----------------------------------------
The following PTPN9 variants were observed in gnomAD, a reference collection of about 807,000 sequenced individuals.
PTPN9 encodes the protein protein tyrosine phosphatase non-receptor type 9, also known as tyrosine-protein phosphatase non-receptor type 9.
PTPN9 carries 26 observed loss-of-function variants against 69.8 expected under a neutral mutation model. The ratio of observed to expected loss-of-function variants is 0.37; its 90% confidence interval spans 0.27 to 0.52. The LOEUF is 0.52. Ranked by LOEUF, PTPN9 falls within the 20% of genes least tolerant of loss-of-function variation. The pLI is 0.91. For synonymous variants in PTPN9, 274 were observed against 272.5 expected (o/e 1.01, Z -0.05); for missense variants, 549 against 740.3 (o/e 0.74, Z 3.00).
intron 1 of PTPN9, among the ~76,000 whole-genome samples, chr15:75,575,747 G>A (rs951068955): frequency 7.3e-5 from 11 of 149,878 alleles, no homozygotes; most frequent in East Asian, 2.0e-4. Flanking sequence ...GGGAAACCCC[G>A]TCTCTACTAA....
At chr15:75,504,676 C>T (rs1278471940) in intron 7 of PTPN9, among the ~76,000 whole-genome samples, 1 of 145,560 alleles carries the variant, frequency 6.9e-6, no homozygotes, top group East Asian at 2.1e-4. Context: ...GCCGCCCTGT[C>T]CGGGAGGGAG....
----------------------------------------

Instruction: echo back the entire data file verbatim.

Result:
The following PTPN9 variants were observed in gnomAD, a reference collection of about 807,000 sequenced individuals.
PTPN9 encodes the protein protein tyrosine phosphatase non-receptor type 9, also known as tyrosine-protein phosphatase non-receptor type 9.
PTPN9 carries 26 observed loss-of-function variants against 69.8 expected under a neutral mutation model. The ratio of observed to expected loss-of-function variants is 0.37; its 90% confidence interval spans 0.27 to 0.52. The LOEUF is 0.52. Ranked by LOEUF, PTPN9 falls within the 20% of genes least tolerant of loss-of-function variation. The pLI is 0.91. For synonymous variants in PTPN9, 274 were observed against 272.5 expected (o/e 1.01, Z -0.05); for missense variants, 549 against 740.3 (o/e 0.74, Z 3.00).
intron 1 of PTPN9, among the ~76,000 whole-genome samples, chr15:75,575,747 G>A (rs951068955): frequency 7.3e-5 from 11 of 149,878 alleles, no homozygotes; most frequent in East Asian, 2.0e-4. Flanking sequence ...GGGAAACCCC[G>A]TCTCTACTAA....
At chr15:75,504,676 C>T (rs1278471940) in intron 7 of PTPN9, among the ~76,000 whole-genome samples, 1 of 145,560 alleles carries the variant, frequency 6.9e-6, no homozygotes, top group East Asian at 2.1e-4. Context: ...GCCGCCCTGT[C>T]CGGGAGGGAG....